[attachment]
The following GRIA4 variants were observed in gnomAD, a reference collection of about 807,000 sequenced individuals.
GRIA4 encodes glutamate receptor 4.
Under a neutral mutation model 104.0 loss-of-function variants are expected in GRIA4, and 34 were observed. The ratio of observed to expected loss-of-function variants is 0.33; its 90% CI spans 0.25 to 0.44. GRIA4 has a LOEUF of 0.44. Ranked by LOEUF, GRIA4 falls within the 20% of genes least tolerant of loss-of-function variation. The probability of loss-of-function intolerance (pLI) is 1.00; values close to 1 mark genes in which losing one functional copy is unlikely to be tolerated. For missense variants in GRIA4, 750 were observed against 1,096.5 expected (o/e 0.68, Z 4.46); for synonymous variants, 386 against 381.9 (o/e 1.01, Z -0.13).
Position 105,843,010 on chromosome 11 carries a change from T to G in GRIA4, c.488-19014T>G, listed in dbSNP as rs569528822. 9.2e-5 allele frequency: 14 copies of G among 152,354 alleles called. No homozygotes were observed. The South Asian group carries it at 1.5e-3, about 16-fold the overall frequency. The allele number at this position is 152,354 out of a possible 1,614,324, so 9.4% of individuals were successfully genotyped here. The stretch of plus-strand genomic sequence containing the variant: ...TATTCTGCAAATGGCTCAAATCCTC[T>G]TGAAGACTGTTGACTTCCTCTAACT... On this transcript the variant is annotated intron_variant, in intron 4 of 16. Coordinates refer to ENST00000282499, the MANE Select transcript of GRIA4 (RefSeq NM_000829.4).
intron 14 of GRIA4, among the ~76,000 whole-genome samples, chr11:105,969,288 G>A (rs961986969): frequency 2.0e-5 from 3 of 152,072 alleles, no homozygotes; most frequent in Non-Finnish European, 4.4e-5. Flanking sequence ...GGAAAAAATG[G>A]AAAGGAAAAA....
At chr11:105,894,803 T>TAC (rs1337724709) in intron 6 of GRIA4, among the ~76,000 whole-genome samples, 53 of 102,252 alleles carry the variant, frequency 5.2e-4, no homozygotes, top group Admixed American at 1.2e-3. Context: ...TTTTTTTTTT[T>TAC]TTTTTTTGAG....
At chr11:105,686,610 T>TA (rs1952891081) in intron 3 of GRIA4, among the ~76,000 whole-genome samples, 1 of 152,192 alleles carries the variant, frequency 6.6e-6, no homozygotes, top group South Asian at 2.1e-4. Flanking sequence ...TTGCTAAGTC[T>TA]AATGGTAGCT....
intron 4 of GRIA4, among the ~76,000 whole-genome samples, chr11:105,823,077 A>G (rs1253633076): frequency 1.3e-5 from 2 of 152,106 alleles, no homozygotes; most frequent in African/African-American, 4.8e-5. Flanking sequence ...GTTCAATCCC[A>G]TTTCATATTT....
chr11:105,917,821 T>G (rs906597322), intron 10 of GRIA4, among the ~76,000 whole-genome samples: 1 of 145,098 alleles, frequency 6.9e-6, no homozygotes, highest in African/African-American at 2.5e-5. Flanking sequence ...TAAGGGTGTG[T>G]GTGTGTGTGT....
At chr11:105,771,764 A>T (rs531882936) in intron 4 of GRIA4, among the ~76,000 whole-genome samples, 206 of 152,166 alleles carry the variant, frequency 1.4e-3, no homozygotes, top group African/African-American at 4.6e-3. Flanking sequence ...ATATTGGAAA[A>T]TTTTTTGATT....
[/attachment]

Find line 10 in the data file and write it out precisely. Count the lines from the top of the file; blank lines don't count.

At chr11:105,771,764 A>T (rs531882936) in intron 4 of GRIA4, among the ~76,000 whole-genome samples, 206 of 152,166 alleles carry the variant, frequency 1.4e-3, no homozygotes, top group African/African-American at 4.6e-3. Flanking sequence ...ATATTGGAAA[A>T]TTTTTTGATT....